"What is a weed? A plant whose virtues have never been discovered." -Ralph Waldo Emerson
German Chamomile (Matricaria chamomilla)
Chamomile is one of the most widely used plants for herbal tea. The dainty flowers give off a wonderful, relaxing scent and keep blooming throughout the summer. Excellent for teething or highly emotional children, Chamomile is one of the safest herbs to use. Anything from tummy troubles to colds and flu can be soothed with this sweet little flower. Even Peter Rabbit's mother gave him Chamomile tea before bed!
Peppermint (Mentha piperita)
Peppermint is easy to grow in a garden (maybe too easy!) and is not only a wonderful medicinal herb, but a culinary one, too. Whether it's indigestion, an upset stomach, or a headache, delicious and refreshing peppermint comes to the rescue. Infuse Peppermint leaves in chocolate syrup and you have a delicious topping for an ice cream on a warm summer night.
Lemon Balm (Melissa officinalis)
A member of the mint family, Lemon Balm is very calming and can be helpful if you are looking to get a good night sleep but nerves are keeping you up. The leaves have a gentle lemon scent and the white flowers that come up later in the summer are favorites of bees, hence the name Melissa which is Greek for 'honey bee'. Whether it's in tea, tincture or essential oil form, Lemon Balm is a must have in your herbal medicine chest.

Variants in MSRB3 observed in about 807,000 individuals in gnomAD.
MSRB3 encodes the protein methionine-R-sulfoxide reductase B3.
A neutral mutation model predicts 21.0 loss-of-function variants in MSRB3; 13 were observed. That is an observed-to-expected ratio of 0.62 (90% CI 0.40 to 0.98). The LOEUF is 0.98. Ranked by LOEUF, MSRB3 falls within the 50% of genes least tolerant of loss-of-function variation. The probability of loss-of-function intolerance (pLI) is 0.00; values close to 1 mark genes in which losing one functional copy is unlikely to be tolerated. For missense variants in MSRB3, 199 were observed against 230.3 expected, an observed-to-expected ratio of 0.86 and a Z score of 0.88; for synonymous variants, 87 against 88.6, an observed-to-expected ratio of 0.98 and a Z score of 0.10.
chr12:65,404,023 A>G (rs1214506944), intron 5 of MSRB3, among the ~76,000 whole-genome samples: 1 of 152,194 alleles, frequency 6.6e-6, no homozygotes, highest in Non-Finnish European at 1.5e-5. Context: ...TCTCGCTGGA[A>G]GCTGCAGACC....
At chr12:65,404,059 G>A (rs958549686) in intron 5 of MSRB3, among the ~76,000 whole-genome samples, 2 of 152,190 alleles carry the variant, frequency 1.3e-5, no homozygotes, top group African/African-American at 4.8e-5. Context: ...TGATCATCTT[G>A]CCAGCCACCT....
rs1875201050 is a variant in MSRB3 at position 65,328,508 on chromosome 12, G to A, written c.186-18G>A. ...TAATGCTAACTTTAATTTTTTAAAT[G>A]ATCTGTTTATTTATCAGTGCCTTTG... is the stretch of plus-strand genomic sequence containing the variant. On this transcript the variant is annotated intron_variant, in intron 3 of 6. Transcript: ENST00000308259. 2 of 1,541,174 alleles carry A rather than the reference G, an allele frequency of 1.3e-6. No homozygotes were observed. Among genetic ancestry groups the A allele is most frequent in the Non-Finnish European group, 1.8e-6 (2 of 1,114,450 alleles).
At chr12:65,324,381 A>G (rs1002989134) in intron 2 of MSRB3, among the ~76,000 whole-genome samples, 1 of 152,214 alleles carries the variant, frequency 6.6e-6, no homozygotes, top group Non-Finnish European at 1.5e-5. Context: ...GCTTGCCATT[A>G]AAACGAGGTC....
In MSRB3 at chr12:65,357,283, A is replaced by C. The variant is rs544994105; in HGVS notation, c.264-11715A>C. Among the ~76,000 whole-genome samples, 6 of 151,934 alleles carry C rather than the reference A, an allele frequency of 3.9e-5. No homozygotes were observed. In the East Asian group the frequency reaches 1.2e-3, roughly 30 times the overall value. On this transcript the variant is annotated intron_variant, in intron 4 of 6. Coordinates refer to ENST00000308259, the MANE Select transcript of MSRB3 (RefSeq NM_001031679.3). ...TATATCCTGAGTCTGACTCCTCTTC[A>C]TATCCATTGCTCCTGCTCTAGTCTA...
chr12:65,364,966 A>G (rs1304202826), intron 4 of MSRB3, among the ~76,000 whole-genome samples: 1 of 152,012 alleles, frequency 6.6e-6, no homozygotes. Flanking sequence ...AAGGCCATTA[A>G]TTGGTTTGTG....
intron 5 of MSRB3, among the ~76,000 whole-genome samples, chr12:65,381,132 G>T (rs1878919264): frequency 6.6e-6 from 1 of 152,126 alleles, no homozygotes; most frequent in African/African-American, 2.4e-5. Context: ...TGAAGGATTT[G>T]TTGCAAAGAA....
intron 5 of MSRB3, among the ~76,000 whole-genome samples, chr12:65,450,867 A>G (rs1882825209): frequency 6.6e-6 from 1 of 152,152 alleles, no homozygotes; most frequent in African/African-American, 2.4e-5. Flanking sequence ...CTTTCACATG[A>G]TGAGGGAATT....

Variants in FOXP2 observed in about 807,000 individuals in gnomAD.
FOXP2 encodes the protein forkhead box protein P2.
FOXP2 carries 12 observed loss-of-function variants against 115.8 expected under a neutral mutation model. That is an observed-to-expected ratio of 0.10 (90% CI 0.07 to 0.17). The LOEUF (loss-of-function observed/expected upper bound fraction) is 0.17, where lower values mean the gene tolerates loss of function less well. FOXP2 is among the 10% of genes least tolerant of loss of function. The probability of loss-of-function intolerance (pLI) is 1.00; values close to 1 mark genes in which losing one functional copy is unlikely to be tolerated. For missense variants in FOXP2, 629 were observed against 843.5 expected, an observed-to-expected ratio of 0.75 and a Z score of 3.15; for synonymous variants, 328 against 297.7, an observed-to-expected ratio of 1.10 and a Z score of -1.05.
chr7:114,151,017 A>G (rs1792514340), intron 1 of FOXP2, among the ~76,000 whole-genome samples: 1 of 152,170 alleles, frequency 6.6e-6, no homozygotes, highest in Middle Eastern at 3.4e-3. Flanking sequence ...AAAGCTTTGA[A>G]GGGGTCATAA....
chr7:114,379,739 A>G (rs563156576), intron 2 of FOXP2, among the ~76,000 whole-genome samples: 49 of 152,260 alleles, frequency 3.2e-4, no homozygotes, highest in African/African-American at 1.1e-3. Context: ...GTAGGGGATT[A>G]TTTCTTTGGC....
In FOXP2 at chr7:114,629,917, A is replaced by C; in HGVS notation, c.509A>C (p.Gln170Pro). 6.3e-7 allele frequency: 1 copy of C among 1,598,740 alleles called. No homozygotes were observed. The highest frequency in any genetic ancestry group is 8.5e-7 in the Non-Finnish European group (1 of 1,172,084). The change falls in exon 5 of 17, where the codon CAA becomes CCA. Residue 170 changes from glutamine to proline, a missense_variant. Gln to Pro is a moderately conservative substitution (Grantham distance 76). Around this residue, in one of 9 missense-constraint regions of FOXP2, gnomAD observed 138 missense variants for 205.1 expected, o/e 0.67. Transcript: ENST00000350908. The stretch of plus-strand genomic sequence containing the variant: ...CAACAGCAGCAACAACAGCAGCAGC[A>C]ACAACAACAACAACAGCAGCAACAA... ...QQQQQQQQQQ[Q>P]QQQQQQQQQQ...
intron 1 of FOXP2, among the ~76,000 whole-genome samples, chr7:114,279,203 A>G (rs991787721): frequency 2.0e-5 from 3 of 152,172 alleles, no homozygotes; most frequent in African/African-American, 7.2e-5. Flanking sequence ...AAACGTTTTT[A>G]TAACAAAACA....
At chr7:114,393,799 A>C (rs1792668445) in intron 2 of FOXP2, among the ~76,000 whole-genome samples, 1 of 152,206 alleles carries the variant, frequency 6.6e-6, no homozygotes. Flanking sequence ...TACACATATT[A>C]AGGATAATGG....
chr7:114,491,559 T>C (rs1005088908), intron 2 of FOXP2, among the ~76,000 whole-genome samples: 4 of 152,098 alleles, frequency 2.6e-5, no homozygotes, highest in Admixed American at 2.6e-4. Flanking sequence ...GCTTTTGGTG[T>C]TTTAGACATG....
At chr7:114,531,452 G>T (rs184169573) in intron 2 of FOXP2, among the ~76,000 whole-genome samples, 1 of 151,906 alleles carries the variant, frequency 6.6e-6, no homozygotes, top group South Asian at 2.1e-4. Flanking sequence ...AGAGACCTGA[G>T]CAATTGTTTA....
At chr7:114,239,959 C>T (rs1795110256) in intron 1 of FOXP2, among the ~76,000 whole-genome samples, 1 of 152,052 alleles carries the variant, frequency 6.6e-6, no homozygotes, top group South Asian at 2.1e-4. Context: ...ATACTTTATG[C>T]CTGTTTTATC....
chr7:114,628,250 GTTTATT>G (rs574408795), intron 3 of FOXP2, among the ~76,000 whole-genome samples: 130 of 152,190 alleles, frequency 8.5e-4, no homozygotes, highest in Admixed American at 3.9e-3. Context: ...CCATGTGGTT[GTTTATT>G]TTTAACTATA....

Echinacea (Echinacea purpurea)
This beautiful flower not only adds prickly pink drama to your garden, it's loved by pollinators as well. Echinacea is a well known plant used for supporting the immune system. Used by American Indian tribes for hundreds of years, Echinacea still plays a valuable part in keeping you healthy and happy. Just look at those lovely flowers, how can you not smile?
Violet (Viola odorata)
Nothing says Springtime like these sweet little purple flowers. The Victorians loved Violets, using them in perfume, eating them candied and in cakes and pastries and pressing them in books. Violet leaves are wonderful in tea blends, tinctures and salves and are full of Vitamin C. The blossoms are a lovely garnish for soups and salads or candied on a dessert. The next time you spot this delightful little flower, take a closer look. They are mightier than they appear!
Dandelion (Taraxacum officinale)
Don't get frustrated when you start seeing these bright flowers popping up all over your lawn. They are an excellent tonic to strenthen the body and the entire plant, including root, can be used. Try some dandelion wine or put some spring leaves in a salad to get those digestive juices flowing. Don't be too quick to get rid of these cheerful plants! After a long winter, these are one of the first sources of sweet nectar for the bees we need and love so much. Dandelions are there to help us feel good, and that makes them so much more than just a weed.